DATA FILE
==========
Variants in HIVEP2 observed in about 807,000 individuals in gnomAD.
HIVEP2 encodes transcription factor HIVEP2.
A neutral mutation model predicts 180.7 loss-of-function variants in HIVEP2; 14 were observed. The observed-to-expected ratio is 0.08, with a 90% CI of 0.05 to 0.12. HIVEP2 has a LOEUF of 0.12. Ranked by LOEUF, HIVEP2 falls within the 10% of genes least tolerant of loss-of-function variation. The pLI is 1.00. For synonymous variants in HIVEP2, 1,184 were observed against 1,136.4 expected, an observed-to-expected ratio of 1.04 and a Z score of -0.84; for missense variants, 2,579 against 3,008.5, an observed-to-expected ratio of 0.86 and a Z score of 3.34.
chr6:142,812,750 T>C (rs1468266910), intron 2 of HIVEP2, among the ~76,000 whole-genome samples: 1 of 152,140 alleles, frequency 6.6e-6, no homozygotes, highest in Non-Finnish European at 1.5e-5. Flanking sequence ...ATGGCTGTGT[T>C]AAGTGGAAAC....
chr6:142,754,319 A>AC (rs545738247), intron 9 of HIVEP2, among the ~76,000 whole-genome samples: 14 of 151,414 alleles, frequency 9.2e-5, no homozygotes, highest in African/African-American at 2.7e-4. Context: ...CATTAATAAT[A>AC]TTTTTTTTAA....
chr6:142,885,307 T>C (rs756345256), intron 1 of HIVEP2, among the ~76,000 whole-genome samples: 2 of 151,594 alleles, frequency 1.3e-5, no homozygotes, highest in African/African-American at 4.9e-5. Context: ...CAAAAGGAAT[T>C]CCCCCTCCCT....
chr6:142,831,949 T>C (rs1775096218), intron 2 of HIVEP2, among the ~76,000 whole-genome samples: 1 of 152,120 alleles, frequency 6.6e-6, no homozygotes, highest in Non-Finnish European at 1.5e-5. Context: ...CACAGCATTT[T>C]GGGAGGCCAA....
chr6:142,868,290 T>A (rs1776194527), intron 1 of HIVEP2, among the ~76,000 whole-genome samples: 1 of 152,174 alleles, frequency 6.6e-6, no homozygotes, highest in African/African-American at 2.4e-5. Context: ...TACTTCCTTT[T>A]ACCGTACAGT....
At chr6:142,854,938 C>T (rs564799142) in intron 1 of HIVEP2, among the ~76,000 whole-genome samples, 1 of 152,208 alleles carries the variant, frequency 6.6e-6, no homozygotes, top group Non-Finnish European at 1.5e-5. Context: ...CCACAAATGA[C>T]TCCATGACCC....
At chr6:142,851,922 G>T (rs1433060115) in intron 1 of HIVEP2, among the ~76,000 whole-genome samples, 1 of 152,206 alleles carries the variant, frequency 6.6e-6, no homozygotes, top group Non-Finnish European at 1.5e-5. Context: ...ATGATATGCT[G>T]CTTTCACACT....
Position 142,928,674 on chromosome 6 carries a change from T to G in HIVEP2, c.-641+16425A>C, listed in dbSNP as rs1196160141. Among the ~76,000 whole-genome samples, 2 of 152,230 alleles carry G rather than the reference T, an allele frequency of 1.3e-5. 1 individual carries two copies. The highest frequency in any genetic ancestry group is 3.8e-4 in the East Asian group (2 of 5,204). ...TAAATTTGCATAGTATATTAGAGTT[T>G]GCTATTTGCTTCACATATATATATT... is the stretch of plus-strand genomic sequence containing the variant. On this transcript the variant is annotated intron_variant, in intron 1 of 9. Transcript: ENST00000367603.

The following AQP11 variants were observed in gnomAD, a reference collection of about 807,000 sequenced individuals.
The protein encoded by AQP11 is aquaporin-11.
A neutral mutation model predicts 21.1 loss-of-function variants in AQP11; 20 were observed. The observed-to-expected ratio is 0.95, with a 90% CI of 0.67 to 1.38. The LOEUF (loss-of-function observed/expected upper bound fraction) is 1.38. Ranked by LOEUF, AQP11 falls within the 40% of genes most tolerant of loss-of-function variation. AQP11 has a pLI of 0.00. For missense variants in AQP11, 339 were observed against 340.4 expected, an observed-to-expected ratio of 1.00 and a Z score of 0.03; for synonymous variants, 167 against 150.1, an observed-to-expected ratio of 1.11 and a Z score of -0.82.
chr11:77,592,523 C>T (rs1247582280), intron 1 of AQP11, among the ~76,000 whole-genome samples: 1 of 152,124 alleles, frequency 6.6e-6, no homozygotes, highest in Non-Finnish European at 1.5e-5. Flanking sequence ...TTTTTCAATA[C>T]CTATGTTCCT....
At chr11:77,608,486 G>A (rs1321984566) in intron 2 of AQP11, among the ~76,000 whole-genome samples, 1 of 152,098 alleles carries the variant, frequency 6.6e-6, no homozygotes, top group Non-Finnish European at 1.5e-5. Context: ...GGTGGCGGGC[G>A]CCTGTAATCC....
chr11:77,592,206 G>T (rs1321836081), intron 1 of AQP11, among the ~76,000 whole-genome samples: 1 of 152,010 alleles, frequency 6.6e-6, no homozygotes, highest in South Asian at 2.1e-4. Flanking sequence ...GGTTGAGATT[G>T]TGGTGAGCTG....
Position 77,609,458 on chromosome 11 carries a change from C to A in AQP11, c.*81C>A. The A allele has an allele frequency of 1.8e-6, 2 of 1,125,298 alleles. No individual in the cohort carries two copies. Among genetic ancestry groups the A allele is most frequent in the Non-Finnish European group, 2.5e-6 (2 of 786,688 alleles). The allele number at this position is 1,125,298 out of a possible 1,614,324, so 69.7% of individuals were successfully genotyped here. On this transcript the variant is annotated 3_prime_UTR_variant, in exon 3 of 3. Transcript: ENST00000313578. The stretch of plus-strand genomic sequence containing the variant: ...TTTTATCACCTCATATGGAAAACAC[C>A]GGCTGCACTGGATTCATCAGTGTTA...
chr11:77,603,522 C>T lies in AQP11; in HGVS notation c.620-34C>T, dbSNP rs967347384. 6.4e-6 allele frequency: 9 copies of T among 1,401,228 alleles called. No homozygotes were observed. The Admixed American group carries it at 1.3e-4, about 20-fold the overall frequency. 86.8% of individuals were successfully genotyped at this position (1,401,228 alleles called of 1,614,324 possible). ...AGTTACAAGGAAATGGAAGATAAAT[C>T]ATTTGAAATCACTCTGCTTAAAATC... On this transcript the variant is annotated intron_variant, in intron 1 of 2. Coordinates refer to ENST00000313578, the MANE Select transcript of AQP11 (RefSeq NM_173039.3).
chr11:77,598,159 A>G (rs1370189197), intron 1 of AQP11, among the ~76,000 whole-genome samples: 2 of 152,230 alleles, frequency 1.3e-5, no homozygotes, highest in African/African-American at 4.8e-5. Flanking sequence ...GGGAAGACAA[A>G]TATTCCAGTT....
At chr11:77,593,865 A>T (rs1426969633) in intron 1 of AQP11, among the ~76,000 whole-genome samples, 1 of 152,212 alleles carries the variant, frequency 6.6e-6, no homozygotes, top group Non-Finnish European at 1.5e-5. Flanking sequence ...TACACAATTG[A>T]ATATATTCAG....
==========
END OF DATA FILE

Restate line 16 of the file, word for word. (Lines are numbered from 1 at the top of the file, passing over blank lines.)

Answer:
At chr11:77,608,486 G>A (rs1321984566) in intron 2 of AQP11, among the ~76,000 whole-genome samples, 1 of 152,098 alleles carries the variant, frequency 6.6e-6, no homozygotes, top group Non-Finnish European at 1.5e-5. Context: ...GGTGGCGGGC[G>A]CCTGTAATCC....